Photographs by Special to the Democrat-Gazette/RON WOLFE

Arkansas Democrat-Gazette Bee Illustration

Q I bet many people are wonder-ing this ... how much longer before these pests are gone for the season? And another point of interest is the low number of hummers, bees, butterflies this year even with all their favorites planted.

A Japanese beetles are a huge pest problem in Northwest Arkansas, and they are definitely here to stay. For adults, their normal feeding time is June through mid-August. I just want them to stay out of central Arkansas. I assume you are in Northwest Arkansas, but I have talked with agents up there, and they are seeing no decline in butterflies, bees or hummingbirds. In Little Rock, I have had more butterflies and hummingbirds than last year by far. There may be fewer at your feeders since many areas have had a mild growing season and almost ample rainfall, so our native flowers are blooming quite nicely, giving wild things more choices to feed on.

Q This plant was bought at the Bella Vista plant sale three years ago; no one could tell me about it then as the person who contributed the plant was not there. It has taken over both sides of our deck ramp even though it was only planted on one side; it's 3 to 4 feet tall and did not bloom until last year. Any clues as to what we have here?

A The plant is commonly called Mexican hydrangea or Cashmere bouquet -- Clerodendrum bungei. The flowers are showy and fragrant, but watch out, this plant spreads like gangbusters.

Q I have an out of control "shrub" that is made from runners off a tall crape myrtle. Cutting it back only seems to exacerbate the problem. How can I get it under control?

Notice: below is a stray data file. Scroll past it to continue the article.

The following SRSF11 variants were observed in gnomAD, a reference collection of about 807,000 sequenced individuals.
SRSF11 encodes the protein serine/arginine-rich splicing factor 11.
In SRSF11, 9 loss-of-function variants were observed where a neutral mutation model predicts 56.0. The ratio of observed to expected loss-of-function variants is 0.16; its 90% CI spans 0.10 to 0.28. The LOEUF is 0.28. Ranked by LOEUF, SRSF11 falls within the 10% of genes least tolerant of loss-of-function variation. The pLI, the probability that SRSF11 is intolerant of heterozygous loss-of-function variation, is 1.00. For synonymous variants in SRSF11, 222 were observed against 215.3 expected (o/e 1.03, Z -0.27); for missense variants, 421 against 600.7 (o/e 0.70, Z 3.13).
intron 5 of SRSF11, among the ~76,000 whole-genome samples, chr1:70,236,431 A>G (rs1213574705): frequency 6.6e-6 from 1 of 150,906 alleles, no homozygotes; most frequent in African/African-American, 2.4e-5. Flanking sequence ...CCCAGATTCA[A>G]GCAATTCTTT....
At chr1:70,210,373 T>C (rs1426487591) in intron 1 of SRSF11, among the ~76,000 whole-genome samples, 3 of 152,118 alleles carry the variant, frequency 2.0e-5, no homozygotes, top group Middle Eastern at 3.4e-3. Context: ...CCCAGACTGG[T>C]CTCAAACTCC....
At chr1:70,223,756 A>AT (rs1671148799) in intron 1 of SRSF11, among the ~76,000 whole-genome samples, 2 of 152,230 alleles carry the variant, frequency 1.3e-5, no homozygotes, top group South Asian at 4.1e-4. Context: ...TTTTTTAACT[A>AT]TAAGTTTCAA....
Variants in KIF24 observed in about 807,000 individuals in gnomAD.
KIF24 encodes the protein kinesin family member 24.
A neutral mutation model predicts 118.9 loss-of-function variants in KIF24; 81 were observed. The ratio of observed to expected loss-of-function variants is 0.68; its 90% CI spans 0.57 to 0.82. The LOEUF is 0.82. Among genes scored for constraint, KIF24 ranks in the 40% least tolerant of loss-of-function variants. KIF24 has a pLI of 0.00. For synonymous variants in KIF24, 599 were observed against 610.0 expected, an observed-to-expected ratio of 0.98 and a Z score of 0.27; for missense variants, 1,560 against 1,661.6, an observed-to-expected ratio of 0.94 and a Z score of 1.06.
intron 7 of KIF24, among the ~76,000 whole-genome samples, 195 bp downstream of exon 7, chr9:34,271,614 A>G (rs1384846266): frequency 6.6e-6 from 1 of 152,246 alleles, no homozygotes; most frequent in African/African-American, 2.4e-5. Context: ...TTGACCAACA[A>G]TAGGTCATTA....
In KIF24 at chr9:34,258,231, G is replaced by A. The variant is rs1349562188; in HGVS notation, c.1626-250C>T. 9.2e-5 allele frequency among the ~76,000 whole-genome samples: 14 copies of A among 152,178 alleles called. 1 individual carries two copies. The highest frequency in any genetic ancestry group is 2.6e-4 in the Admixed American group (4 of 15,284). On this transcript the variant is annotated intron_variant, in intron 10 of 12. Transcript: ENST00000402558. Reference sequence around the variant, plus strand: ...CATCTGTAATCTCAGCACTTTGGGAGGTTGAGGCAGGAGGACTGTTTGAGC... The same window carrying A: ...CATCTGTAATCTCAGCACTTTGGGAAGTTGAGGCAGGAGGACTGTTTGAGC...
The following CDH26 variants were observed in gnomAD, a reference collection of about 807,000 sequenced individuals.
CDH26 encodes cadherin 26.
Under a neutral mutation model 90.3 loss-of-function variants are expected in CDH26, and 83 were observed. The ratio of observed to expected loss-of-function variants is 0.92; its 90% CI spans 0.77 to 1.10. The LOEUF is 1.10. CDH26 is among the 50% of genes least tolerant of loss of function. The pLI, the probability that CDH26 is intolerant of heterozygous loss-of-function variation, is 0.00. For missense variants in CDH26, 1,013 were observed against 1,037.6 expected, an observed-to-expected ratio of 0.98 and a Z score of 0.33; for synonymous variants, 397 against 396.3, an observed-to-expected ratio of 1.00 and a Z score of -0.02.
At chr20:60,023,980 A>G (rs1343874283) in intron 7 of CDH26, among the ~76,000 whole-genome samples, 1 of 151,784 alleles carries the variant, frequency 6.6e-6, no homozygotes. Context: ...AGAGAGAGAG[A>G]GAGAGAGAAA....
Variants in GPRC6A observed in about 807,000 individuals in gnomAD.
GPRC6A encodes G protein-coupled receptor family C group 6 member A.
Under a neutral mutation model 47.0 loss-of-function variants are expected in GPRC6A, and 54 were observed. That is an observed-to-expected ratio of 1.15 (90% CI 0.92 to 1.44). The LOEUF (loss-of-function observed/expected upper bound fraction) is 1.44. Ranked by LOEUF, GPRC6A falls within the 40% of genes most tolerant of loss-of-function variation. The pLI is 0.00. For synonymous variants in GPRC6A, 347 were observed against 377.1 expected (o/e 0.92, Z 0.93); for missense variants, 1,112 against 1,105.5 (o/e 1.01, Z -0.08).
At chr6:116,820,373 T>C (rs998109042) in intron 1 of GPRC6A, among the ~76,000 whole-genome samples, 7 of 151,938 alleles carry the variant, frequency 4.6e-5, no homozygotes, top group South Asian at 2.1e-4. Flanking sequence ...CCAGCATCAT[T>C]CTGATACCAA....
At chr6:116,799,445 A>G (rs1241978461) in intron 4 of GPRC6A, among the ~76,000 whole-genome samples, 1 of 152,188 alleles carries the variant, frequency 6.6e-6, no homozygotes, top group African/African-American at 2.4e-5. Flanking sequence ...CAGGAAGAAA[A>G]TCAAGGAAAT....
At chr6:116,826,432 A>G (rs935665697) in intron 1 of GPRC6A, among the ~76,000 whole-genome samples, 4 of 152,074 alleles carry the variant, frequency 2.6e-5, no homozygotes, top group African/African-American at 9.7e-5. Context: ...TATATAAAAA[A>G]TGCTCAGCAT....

A It sounds as if you have root suckers coming up. If possible cut the sprouts right below the ground line. Some varieties sucker more than others, but typically it is just at the base of the tree. Herbicides would damage the mother tree as well as the sprouts, so avoid those.

Q There is a lovely tulip poplar tree on the north side of my property, but all of the grass under it has died. I've tried Bermuda and St. Augustine, but with no luck. What can survive under the shade of the tree? I'd prefer grass, even if it doesn't match the rest of the grass in the yard, but I'll settle for some type of ground cover if necessary. Do you have any good suggestions?

A Grass and shade do not mix. To add insult to injury, your tulip poplar tree is going to grow taller and taller and provide even more shade. If you want it to look like grass, plant the groundcover Mondo grass (Ophiopogon) or a little bit taller monkey grass (Liriope). There are other groundcovers as well, but these would be the most grass-like.

Q My wife and I live in Chenal and very much enjoy eating the wild blueberries that grow so abundantly on the rocky hillsides where we live. If we wanted to give a small sprig of this bush to a friend to transplant in another part of the state, how would we do that? Should we try to grow a sprig from the berries or cut out one of the many roots that grow just below the surface of the ground?

A Transplant a small plant this fall when the weather cools off and it should do well. Transplanting now would be tough on you and the plant.

Mexican hydrangea, aka Cashmere bouquet, will expand to fill whatever space it isn’t yanked out of.

Janet B. Carson is a horticulture specialist for the University of Arkansas Cooperative Extension Service. Write to her at 2301 S. University Ave., Little Rock, Ark. 72204 or email her at


HomeStyle on 08/12/2017

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